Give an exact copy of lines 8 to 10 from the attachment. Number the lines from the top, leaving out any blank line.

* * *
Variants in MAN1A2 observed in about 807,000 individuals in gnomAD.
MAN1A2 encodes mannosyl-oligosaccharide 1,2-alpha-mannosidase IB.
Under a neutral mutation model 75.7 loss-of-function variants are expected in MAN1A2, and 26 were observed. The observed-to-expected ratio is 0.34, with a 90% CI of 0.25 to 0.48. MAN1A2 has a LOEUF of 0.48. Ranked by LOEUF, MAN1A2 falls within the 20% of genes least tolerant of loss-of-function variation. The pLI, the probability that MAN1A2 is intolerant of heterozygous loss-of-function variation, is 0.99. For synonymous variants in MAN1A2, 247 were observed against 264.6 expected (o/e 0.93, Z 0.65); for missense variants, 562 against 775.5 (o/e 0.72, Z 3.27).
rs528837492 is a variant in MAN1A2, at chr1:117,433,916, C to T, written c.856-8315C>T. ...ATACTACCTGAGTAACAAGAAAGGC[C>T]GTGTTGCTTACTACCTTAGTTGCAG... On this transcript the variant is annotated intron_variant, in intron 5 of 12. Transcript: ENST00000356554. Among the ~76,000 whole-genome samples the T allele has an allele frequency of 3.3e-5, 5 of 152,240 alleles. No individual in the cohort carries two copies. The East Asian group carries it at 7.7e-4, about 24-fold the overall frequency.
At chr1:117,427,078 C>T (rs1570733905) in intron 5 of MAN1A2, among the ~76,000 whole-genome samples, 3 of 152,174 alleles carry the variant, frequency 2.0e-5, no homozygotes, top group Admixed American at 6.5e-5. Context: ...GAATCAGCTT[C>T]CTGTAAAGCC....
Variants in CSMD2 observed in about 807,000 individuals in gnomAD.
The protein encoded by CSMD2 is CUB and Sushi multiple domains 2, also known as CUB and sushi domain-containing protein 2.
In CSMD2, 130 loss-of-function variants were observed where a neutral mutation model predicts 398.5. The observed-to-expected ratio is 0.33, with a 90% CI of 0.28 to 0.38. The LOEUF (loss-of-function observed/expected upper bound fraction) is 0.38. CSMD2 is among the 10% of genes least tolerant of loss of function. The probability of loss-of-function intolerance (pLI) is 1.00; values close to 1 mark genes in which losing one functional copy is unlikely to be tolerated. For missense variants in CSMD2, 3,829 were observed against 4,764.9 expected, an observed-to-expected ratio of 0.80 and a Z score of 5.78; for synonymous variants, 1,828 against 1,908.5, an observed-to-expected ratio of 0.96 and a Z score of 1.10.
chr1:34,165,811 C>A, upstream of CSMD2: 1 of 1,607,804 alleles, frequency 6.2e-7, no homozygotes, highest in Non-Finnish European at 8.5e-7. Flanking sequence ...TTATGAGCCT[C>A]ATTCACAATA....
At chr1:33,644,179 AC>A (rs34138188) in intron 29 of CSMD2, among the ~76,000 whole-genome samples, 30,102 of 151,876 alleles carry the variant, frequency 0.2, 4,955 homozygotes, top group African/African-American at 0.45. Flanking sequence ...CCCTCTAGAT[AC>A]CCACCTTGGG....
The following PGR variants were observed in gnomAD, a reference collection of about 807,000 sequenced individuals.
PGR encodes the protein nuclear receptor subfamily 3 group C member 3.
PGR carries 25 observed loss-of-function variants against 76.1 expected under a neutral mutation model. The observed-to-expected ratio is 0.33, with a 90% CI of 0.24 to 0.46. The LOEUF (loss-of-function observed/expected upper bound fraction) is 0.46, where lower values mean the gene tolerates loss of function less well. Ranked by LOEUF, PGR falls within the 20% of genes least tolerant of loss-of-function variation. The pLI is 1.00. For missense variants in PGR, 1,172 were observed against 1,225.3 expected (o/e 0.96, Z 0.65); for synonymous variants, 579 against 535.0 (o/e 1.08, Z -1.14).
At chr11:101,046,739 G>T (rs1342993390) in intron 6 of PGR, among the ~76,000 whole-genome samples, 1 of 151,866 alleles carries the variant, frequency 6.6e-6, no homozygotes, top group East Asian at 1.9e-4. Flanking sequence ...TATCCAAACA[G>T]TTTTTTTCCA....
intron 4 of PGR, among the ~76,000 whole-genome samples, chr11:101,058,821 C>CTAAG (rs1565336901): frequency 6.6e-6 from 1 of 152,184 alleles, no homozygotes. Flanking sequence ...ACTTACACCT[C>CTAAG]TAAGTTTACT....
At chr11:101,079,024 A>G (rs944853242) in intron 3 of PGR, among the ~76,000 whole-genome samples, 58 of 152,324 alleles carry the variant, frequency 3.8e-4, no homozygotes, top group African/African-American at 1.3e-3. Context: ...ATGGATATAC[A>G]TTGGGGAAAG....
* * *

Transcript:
In CSMD2, 130 loss-of-function variants were observed where a neutral mutation model predicts 398.5. The observed-to-expected ratio is 0.33, with a 90% CI of 0.28 to 0.38. The LOEUF (loss-of-function observed/expected upper bound fraction) is 0.38. CSMD2 is among the 10% of genes least tolerant of loss of function. The probability of loss-of-function intolerance (pLI) is 1.00; values close to 1 mark genes in which losing one functional copy is unlikely to be tolerated. For missense variants in CSMD2, 3,829 were observed against 4,764.9 expected, an observed-to-expected ratio of 0.80 and a Z score of 5.78; for synonymous variants, 1,828 against 1,908.5, an observed-to-expected ratio of 0.96 and a Z score of 1.10.
chr1:34,165,811 C>A, upstream of CSMD2: 1 of 1,607,804 alleles, frequency 6.2e-7, no homozygotes, highest in Non-Finnish European at 8.5e-7. Flanking sequence ...TTATGAGCCT[C>A]ATTCACAATA....
At chr1:33,644,179 AC>A (rs34138188) in intron 29 of CSMD2, among the ~76,000 whole-genome samples, 30,102 of 151,876 alleles carry the variant, frequency 0.2, 4,955 homozygotes, top group African/African-American at 0.45. Flanking sequence ...CCCTCTAGAT[AC>A]CCACCTTGGG....